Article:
Swift, light footsteps brought Shadow gliding towards the large man. It moved along the walls lining the street, always close to cover in case it was needed. The knife was held low, ready for a fatal thrust. A blow to the leg, almost effortless when delivered at a run, could slow the man down indefinitely. It would be worthwhile to inflict as many blows as possible, to make sure that the large man never rose again. It was good luck that the soldier had not lingered for longer.
The man’s long stride once again began to carry him down the street. He moved faster than he had before. Shadow ran on, intent on its prey. The arm which carried the knife tensed. Its feet carried it closer to the space where the man had stood and watched the soldier.
The street was flanked by the villas and temples of wealthy Romans. There were no streets leading off it within view, nowhere for a patrolling soldier to move on or take refuge. So it began to wonder where he had gone.
Shadow had to stop being distracted by the soldier. It reached the space where its prey had stood, the hunt was almost over. Under the archway stood a statue, an expression of shock carved into its face. Then what sounded like another thunderclap filled Shadow’s ears.
“Halt!” The statue cried in a deafening voice.
A wide, rectangular shield shed a skin of rainwater as it was thrust forward out of the darkness. Shadow acted instinctively as its body folded downwards, turned sideways and twisted away from its attacker. Weight on its back foot, the shadow flew at the aggressor and lodged the thin blade between his ribs. There was a groan of agony and the man fell.
The soldier who had taken shelter under the archway was still and pale. It seemed to Shadow as though he had become a statue once again. But the blood which pumped through his tunic and ran down his sides to join the flow of water in the gutter was evidence that the kill had been real. Shadow realised its mistake. The soldier had lingered.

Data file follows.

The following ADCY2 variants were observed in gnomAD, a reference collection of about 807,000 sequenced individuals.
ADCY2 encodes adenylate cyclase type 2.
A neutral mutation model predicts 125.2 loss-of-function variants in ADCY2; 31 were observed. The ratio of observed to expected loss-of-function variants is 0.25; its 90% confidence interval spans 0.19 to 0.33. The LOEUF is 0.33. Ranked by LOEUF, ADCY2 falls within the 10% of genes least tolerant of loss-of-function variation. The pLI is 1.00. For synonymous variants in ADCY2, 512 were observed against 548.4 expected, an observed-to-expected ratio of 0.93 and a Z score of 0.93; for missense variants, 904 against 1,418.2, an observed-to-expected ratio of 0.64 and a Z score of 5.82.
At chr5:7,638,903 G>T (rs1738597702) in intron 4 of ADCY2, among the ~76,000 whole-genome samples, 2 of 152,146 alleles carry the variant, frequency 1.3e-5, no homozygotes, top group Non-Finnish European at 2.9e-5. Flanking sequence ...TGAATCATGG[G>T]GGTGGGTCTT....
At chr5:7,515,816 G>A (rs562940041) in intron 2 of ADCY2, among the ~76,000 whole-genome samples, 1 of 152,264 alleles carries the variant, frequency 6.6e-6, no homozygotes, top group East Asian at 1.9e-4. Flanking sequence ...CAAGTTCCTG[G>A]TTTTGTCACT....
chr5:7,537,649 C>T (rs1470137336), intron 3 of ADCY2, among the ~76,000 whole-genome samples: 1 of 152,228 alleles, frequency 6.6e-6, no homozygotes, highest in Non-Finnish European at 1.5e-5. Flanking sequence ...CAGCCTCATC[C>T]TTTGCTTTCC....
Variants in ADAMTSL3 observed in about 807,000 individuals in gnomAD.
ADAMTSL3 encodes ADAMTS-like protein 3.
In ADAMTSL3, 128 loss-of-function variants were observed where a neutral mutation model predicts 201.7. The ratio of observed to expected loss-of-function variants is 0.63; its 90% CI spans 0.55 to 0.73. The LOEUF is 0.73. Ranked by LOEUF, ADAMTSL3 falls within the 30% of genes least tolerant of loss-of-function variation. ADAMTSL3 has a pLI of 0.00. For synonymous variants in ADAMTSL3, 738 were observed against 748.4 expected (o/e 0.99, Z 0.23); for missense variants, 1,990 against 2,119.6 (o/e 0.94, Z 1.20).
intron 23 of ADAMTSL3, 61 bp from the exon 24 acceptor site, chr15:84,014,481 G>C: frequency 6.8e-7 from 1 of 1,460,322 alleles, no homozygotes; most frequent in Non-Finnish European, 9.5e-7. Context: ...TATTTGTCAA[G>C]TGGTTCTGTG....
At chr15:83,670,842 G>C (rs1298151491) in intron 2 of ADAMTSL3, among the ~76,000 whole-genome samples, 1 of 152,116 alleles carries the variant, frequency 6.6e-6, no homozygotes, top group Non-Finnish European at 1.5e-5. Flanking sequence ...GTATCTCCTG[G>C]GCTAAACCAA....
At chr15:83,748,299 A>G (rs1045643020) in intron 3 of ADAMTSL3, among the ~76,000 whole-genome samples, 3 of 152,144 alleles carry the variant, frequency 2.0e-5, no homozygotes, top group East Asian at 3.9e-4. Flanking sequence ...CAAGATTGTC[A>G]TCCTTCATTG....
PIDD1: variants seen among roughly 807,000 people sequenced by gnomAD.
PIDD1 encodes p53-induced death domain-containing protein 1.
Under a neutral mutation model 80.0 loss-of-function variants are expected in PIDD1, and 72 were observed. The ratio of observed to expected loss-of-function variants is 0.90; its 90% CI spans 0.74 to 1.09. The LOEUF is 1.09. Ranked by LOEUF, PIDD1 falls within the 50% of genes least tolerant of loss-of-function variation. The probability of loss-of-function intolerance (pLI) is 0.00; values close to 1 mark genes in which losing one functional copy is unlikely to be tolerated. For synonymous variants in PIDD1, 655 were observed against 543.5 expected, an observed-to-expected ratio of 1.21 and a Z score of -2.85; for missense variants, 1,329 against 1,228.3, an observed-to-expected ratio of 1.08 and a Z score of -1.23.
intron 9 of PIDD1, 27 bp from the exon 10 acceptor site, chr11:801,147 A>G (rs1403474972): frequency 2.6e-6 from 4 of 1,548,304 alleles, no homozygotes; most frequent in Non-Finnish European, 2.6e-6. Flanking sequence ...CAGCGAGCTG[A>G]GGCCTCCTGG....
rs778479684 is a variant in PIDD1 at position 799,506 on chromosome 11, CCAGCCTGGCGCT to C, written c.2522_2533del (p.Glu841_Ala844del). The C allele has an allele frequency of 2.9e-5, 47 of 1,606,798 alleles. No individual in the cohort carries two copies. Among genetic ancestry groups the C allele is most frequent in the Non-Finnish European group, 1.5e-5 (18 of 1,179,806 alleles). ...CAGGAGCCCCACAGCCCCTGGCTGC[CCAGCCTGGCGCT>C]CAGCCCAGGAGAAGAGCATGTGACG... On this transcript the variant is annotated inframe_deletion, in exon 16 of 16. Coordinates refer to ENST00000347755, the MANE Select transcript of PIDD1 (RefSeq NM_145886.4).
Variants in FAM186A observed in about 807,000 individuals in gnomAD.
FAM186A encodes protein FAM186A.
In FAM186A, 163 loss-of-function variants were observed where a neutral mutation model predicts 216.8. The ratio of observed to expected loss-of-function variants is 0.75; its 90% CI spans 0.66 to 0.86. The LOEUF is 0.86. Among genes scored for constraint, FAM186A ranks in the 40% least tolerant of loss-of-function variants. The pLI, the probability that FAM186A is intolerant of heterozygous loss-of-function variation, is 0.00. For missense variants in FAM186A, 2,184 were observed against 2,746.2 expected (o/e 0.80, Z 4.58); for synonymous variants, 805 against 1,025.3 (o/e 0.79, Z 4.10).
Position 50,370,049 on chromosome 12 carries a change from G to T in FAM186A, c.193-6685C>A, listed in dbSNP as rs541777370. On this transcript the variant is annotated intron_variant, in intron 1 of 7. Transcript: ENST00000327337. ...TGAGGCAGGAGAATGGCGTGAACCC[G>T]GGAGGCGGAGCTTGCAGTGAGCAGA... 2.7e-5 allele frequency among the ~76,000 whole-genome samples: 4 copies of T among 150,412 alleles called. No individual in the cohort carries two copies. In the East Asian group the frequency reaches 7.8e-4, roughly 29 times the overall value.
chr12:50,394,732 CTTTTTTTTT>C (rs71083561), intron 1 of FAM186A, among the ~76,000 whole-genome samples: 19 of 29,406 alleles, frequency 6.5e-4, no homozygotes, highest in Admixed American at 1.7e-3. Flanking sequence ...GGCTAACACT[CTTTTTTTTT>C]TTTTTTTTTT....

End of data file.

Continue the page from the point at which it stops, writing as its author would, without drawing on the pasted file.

The large man now ran with heavy steps away from the scene of violence. A sharp tug revealed that the blade was stuck in its victim and all that Shadow’s efforts produced were spurts of hot blood wetting its hands. A brief moment of panic followed, then clarity once again. The soldier’s heavy short sword was retrieved and the hunt resumed.
Stealth would no longer settle the matter. Shadow would have to catch its larger prey, and then there would be a fight. The sword felt impossibly heavy compared to the knife. A blow to the back of his head would surely suffice if the man could be overtaken. If he turned to fight, however, it would have to be a matter of cutting and piercing until he fell.
Shadow was smaller and lighter. It drew closer to the larger figure with every step. But the man was strong and did not tire. The streets became narrower, small houses drew in closer on either side. The chase had brought them closer to the river. There the poorest citizens of Rome robbed, killed and sold each other to carve out a living for themselves. There would be no alarm raised so late in the River District.
A door opened onto the street, casting a warm glow of lamplight across it. The woman who staggered out of it wore a frayed green dress and her hair hung in limp curls across her face. Stumbling forward, she did not see the man. In his desperate terror he did not stop but bowled through the woman. She was hurled aside by the force of the impact, striking the hard ground with her head as she fell. The man was carried forward by his momentum, and then suddenly he fell. He had twisted his ankle in a last second attempt to avoid the collision.
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